The regulatory landscape in the United States is complex. While a comprehensive framework is slowly but surely being developed, enforcement continues to rest with various agencies. Gary Gensler, Chairman of the SEC, calls for jurisdiction over most of the crypto industry.
Since the U.S. President’s executive order in March 2022, crypto industry regulation has been consistently creeping up the priority list. The forthcoming framework builds on existing authorities and aims to prioritize consumer protection. At the forefront is the U.S. Securities and Exchange Commission (SEC), which, under the leadership of ex-Goldman Sachs investment banker Gary Gensler, seeks to usurp decision-making authority over the majority of regulations governing the issuance and trading of cryptocurrencies.
Jurisdiction over all Ethereum-based tokens
Hidden in a civil lawsuit against crypto-influencer Ian Balina, the U.S. Securities and Exchange Commission is looking deep. Gary Gensler feels responsible for regulating the entire decentralized network because all transactions took place in the US. Buried under paragraph 69 of the 23-page indictment against the Influencer, it lists the validation of the Ethereum blockchain and claims that due to the high node density in the United States, the transactions were virtually conducted on U.S. ground.
“The U.S.-based investors in Balina’s pool irrevocably committed to the transaction when they sent their ETH contributions to Balina’s pool from the United States. At that point, their ETH contributions were validated by a network of nodes on the Ethereum blockchain that are more densely concentrated in the United States than in any other country. As a result, these transactions took place in the United States.” – SEC Civil Complaint
In this bold and unprecedented move, the U.S. Securities and Exchange Commission argues that essentially the entire Ethereum network falls under the agency’s jurisdiction. An absurd position – not to mention the fact that less than a third of all nodes were located in the US at the time. It is generally known that Gensler wants to secure control over the entire crypto sector by various means.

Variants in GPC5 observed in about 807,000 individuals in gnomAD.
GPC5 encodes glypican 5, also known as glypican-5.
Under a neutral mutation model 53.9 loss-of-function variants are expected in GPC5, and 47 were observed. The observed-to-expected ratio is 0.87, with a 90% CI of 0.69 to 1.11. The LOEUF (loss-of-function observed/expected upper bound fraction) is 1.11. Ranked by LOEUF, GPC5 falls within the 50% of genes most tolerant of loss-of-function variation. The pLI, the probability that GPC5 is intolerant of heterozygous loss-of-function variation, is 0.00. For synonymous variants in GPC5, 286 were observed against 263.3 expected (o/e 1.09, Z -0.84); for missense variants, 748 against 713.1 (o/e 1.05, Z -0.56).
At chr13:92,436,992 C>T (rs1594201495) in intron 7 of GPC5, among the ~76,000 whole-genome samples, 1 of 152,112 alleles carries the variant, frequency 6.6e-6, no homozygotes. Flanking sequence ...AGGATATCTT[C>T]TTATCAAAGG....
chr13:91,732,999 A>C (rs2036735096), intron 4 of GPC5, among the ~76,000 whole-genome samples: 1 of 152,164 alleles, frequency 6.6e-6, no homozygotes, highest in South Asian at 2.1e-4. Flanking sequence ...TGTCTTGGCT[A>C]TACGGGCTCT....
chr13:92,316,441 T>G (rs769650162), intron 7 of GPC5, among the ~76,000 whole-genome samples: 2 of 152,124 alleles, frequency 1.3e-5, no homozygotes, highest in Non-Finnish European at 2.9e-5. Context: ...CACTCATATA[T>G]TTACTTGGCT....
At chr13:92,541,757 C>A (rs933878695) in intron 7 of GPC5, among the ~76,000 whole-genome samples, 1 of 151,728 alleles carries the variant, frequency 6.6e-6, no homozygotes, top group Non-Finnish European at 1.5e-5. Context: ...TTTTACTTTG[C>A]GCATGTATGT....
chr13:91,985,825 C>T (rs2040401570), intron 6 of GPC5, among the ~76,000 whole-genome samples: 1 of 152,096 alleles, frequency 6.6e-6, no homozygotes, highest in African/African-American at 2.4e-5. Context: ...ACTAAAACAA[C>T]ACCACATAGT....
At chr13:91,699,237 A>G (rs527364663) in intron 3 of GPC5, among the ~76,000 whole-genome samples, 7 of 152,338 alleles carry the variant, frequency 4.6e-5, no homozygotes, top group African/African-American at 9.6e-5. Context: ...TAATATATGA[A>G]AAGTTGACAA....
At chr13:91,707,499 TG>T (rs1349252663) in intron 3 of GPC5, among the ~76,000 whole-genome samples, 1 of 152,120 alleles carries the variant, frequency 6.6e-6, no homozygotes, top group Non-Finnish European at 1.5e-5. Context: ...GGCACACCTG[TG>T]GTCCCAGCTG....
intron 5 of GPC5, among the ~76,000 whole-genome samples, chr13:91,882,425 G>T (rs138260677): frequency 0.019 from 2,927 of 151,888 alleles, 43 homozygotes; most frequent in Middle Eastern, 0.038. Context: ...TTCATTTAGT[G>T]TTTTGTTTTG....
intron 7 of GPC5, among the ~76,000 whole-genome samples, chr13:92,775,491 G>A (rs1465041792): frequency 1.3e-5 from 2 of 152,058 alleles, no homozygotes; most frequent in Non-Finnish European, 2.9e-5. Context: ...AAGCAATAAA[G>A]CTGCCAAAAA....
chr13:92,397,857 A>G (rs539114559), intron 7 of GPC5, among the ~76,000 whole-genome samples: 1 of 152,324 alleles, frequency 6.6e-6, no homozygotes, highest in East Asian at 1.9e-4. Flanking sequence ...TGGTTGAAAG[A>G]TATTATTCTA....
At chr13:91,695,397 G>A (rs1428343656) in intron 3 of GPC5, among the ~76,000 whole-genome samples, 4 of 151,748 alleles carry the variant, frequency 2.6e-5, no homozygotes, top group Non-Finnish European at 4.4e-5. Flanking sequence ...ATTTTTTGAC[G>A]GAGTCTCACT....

Dispute among US regulators
The question of whether digital assets should be considered securities is at the center of the discussion here. After all, securities fall under the scope of the SEC, and commodities trading is overseen by the Commodity Futures Trading Commission (CFTC). For his part, using the Howey test introduced in 1933, Gensler argues that “pretty much all” cryptocurrencies should be classified as securities. This contrasts with the position of the CFTC, which also feels it has jurisdiction over the field.
This battle was fueled in late 2020 when the SEC charged Ripple Labs – the issuer of the cryptocurrency XRP – for selling unregistered securities. However, the fact that the lawsuit is still unresolved today shows the complexity of the matter. An acquittal of the Ripple board would be a setback for Gensler’s regulator.
Ether also a security?
The only exception from Gensler’s point of view is Bitcoin – also recognized by him as a “commodity” due to sufficient decentralization. The second largest cryptocurrency by market capitalization, Ether (ETH), on the other hand, could also turn out to be an unregistered security. Following the blockchain’s successful move to Proof of Stake (also known as Merge), the SEC chairman expressed new concerns. Indeed, the fact that users can now earn a return through staking potentially turns Ether into an investment contract, he said.
The situation is similar in the decentralized financial applications (DeFi) space. More than 100 Ethereum-based tokens were removed from the user interface of trading protocol Uniswap last July because the cryptocurrencies could embody securities. The same issue sparked a dispute between Coinbase and the regulator a few months ago when the largest U.S. crypto exchange was accused of listing securities. Without clear guidance from the SEC, this is unlikely to be the last dispute over the issue.